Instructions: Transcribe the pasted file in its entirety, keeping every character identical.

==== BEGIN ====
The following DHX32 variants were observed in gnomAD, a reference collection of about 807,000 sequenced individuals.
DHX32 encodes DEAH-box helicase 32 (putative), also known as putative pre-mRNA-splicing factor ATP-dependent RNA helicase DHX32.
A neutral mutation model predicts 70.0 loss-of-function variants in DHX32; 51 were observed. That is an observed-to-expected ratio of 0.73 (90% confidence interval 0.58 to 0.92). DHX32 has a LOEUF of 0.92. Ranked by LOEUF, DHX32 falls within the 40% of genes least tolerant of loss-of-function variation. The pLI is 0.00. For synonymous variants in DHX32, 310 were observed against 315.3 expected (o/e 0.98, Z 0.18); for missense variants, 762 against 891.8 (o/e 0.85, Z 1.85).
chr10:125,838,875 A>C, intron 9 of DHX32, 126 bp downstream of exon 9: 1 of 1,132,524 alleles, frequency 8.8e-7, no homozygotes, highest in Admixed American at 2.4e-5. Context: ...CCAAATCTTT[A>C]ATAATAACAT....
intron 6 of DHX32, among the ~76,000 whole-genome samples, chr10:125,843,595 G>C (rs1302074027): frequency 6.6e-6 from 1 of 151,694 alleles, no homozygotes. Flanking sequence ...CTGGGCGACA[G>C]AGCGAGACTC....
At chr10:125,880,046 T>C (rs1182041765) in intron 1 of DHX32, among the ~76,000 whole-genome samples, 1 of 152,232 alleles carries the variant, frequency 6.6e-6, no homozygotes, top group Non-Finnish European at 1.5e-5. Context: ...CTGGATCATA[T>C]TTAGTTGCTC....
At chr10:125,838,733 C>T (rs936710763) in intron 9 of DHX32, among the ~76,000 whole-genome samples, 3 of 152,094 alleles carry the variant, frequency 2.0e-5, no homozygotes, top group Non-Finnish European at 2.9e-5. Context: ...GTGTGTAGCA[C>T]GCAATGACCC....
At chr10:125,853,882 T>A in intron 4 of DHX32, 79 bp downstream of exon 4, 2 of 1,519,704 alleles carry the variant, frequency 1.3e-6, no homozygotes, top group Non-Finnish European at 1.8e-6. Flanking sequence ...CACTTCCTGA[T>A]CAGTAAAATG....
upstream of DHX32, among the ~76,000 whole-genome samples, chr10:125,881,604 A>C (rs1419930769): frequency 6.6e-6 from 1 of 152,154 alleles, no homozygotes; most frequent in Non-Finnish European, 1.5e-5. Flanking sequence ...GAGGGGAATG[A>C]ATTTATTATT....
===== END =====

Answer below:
The following DHX32 variants were observed in gnomAD, a reference collection of about 807,000 sequenced individuals.
DHX32 encodes DEAH-box helicase 32 (putative), also known as putative pre-mRNA-splicing factor ATP-dependent RNA helicase DHX32.
A neutral mutation model predicts 70.0 loss-of-function variants in DHX32; 51 were observed. That is an observed-to-expected ratio of 0.73 (90% confidence interval 0.58 to 0.92). DHX32 has a LOEUF of 0.92. Ranked by LOEUF, DHX32 falls within the 40% of genes least tolerant of loss-of-function variation. The pLI is 0.00. For synonymous variants in DHX32, 310 were observed against 315.3 expected (o/e 0.98, Z 0.18); for missense variants, 762 against 891.8 (o/e 0.85, Z 1.85).
chr10:125,838,875 A>C, intron 9 of DHX32, 126 bp downstream of exon 9: 1 of 1,132,524 alleles, frequency 8.8e-7, no homozygotes, highest in Admixed American at 2.4e-5. Context: ...CCAAATCTTT[A>C]ATAATAACAT....
intron 6 of DHX32, among the ~76,000 whole-genome samples, chr10:125,843,595 G>C (rs1302074027): frequency 6.6e-6 from 1 of 151,694 alleles, no homozygotes. Flanking sequence ...CTGGGCGACA[G>C]AGCGAGACTC....
At chr10:125,880,046 T>C (rs1182041765) in intron 1 of DHX32, among the ~76,000 whole-genome samples, 1 of 152,232 alleles carries the variant, frequency 6.6e-6, no homozygotes, top group Non-Finnish European at 1.5e-5. Context: ...CTGGATCATA[T>C]TTAGTTGCTC....
At chr10:125,838,733 C>T (rs936710763) in intron 9 of DHX32, among the ~76,000 whole-genome samples, 3 of 152,094 alleles carry the variant, frequency 2.0e-5, no homozygotes, top group Non-Finnish European at 2.9e-5. Context: ...GTGTGTAGCA[C>T]GCAATGACCC....
At chr10:125,853,882 T>A in intron 4 of DHX32, 79 bp downstream of exon 4, 2 of 1,519,704 alleles carry the variant, frequency 1.3e-6, no homozygotes, top group Non-Finnish European at 1.8e-6. Flanking sequence ...CACTTCCTGA[T>A]CAGTAAAATG....
upstream of DHX32, among the ~76,000 whole-genome samples, chr10:125,881,604 A>C (rs1419930769): frequency 6.6e-6 from 1 of 152,154 alleles, no homozygotes; most frequent in Non-Finnish European, 1.5e-5. Flanking sequence ...GAGGGGAATG[A>C]ATTTATTATT....